perform tasks normally in the province of the professional. To
give you a small example here is just a couple of paragraphs from the
many that make up the electrical section:
"When the dipper switch is turned the connection to the blue wire
is broken, and instead a connection is made between the blue and white
wire which feeds the switch and the other terminal. To this are
attached two red and yellow wires which carry current direct to the
These two circuits are completed through the bodies of the lamps to
the bumper bar, and thence, through two flat steel strips which bridge
the silentbocs on which the bumper bar is carried, to the frame
Looking at some of the mechanical sections of the Instruction Manual
there are many similarities in the construction of the big MG to that
of the SS Jaguar. Engine similarities are perhaps not too surprising
given that both evolved from earlier side valve designs. The SS Jaguar
used valve timing of 16,56,56,16 which by virtue of its symmetry led
to very simple installation of the timing gears and chain. The MG SA
in common with other MGs of the period used 11,59,56,24 which made
installation slightly more demanding and certainly worthy of
comprehensive description, especially if you turned the starting
handle a little too far!
"It will be noticed that the timing chain has two white links, and
each of the sprockets has a tooth marked "T". Between the white links
are twelve black ones on one side of the chain and fifteen black links
on the other. The camshaft is correctly timed when each of the
"T"-marked teeth is in a white link with the shorter black portion of
the chain uppermost. The twelve black and two white links are clearly
shown in illustration No. 28, which shows one white link of the chain
engaged with the "T"-marked tooth of the camshaft sprocket, while the
"T"-marked tooth of the crankshaft sprocket has left the other white
link, twelve black links behind the first one."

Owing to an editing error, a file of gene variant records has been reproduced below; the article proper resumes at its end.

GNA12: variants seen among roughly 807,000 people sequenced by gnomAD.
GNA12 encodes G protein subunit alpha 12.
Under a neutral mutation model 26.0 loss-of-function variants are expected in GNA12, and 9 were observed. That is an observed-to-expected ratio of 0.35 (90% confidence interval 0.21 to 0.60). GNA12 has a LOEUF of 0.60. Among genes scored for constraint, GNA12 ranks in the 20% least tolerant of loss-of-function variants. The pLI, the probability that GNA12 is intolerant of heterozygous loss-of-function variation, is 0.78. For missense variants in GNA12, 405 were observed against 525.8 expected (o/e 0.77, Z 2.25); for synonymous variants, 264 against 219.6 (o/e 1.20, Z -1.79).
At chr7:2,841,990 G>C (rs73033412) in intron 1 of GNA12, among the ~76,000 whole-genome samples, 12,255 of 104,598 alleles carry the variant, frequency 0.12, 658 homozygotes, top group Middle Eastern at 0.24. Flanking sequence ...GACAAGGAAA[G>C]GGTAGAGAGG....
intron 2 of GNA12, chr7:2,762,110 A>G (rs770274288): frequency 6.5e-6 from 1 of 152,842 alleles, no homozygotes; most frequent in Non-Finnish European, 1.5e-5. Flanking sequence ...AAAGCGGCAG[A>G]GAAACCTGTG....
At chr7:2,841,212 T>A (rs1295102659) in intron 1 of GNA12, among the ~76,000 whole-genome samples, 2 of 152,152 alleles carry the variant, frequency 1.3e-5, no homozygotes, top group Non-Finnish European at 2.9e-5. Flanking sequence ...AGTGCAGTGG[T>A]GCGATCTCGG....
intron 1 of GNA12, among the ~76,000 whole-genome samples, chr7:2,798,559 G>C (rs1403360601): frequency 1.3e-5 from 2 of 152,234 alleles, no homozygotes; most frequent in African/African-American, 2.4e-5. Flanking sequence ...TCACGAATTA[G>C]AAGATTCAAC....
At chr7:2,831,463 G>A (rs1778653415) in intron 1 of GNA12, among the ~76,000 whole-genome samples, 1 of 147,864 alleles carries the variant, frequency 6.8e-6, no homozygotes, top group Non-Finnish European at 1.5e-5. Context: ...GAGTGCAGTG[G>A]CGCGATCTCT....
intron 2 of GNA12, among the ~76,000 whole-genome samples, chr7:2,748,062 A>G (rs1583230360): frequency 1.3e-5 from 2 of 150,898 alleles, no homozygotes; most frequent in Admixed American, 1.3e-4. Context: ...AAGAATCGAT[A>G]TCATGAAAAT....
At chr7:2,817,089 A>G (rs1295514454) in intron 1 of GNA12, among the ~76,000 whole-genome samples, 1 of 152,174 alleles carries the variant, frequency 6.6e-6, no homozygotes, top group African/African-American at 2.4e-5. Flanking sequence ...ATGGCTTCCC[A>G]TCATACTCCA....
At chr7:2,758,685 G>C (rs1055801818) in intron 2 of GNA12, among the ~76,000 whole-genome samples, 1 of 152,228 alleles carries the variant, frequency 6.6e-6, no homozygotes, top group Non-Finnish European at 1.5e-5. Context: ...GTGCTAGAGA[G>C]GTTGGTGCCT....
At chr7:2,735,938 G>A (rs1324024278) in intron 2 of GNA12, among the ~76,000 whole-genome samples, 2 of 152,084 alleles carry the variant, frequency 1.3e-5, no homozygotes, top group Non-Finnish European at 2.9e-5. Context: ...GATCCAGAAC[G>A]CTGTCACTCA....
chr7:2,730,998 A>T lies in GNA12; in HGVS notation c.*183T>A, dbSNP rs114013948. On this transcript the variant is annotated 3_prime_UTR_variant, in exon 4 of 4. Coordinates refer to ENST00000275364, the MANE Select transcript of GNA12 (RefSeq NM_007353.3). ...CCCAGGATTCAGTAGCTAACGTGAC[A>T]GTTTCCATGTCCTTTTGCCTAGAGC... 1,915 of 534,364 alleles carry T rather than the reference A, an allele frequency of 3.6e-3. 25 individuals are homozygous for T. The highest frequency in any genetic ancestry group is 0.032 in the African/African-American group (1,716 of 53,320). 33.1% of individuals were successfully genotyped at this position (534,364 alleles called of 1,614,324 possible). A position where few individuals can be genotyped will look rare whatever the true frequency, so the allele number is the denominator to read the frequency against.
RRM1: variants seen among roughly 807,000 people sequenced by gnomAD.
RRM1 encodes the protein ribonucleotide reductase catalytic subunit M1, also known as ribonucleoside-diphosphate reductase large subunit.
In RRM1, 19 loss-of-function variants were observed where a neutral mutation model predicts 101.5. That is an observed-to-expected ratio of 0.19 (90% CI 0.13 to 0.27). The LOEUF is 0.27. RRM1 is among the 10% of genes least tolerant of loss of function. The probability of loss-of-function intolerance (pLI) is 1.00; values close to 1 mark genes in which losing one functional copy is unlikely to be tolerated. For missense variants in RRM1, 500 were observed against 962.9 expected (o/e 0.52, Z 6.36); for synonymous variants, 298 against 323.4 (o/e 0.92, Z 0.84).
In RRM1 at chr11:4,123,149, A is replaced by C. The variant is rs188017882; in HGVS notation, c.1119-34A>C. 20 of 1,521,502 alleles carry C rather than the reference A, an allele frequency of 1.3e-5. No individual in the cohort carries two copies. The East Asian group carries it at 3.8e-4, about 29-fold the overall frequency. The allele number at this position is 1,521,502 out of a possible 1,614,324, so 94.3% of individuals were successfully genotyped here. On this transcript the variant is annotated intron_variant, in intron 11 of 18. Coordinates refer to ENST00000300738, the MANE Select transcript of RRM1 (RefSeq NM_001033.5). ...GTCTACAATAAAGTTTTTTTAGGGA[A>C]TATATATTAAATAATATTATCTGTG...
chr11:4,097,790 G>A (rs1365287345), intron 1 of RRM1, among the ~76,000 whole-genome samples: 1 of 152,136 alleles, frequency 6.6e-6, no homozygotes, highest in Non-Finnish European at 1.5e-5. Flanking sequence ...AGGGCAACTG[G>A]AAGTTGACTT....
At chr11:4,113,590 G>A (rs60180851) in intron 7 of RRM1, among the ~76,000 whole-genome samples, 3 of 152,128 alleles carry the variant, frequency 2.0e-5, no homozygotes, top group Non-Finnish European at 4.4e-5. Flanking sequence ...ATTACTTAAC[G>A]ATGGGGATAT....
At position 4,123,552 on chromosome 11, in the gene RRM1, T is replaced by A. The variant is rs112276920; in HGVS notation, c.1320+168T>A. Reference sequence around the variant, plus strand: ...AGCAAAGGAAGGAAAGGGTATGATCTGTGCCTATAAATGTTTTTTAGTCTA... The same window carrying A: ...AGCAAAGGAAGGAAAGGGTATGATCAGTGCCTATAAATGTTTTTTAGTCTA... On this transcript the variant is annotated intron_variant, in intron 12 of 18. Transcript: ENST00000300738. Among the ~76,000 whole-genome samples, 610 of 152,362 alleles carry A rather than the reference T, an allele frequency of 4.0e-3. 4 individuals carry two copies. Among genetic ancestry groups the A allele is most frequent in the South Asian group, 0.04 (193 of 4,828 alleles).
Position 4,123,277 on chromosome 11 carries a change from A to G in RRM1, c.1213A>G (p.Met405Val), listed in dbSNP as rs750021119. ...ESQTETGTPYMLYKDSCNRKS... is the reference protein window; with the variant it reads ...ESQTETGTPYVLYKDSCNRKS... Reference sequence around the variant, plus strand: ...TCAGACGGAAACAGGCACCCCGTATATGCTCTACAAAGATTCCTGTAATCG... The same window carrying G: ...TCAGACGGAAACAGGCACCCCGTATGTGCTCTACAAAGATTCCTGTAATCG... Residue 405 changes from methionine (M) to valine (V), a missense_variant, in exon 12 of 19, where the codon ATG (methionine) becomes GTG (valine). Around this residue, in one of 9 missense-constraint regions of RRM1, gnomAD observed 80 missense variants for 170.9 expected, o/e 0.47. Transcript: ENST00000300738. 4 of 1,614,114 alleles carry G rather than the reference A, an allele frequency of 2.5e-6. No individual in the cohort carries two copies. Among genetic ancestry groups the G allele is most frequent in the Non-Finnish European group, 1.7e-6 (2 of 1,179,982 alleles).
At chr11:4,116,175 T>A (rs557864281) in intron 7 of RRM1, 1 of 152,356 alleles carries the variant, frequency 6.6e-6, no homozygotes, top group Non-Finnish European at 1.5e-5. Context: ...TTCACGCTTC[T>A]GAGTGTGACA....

This is all commendably clear when you look at illustration No. 28 but
woe betide the unwary who don't read the next paragraph!
"Owing to the fact that the total number of links in the timing
chain is a prime number, the engine must be turned fifty-eight times
before the links and marked teeth come back to this position again."
Looking at articles in "The Motor" and "The Autocar" the SS Jaguar was
first introduced on 24th September 1935 and the
MG SA only a few days
later, on the 4th October. The two cars were clearly aimed at the same
market. The MG being priced at £389 and the Jaguar at £385 but due to
their differing heritage the MG started out on the back foot and
despite various small changes and a major upgrade as the MG WA they
never really gained a march on the Jaguar.
The SA started its life with an engine of 2062 cc as against the 2664
cc in the Jaguar giving the latter a nearly 30 bhp advantage in a car
that weighed the same. The Jaguar did get bigger and heavier in 1938
when coachbuilt construction gave way to all steel but despite a
couple of capacity increases the SA was always inferior in power to
weight ratio. The introduction of the WA did improve matters for MG
but this car had also gained size and weight and was still at a
disadvantage in power to weight ratio relative to the 2½ litre Jaguar.
It had also risen in price to £442 puting it very close to the even
more powerful 3½ litre Jaguar which could be had for £445.
Other facets of the MG design heritage also conspired against it. The
SS Jaguar started life with a gearbox with synchromesh on the top
three ratios driven through a dry plate clutch. In contrast the SA
inherited a totally crash gearbox with straight cut teeth on both
first and second and driven through an oil bath cork faced clutch of a
design that dated back to the early 1920s. Whilst the SA did later get
synchromesh on third and top gears it was only in 1938 that a dry
clutch and second gear synchro was available and that only on the more
The big MGs are nice cars but the more I read, the more I can
understand the attitude of some MG devotees towards the SS Jaguar.
For a less SS partisan view there are lots of
interesting articles, information and photos in the
MG SA GRB 988
Click on the picture for some reports of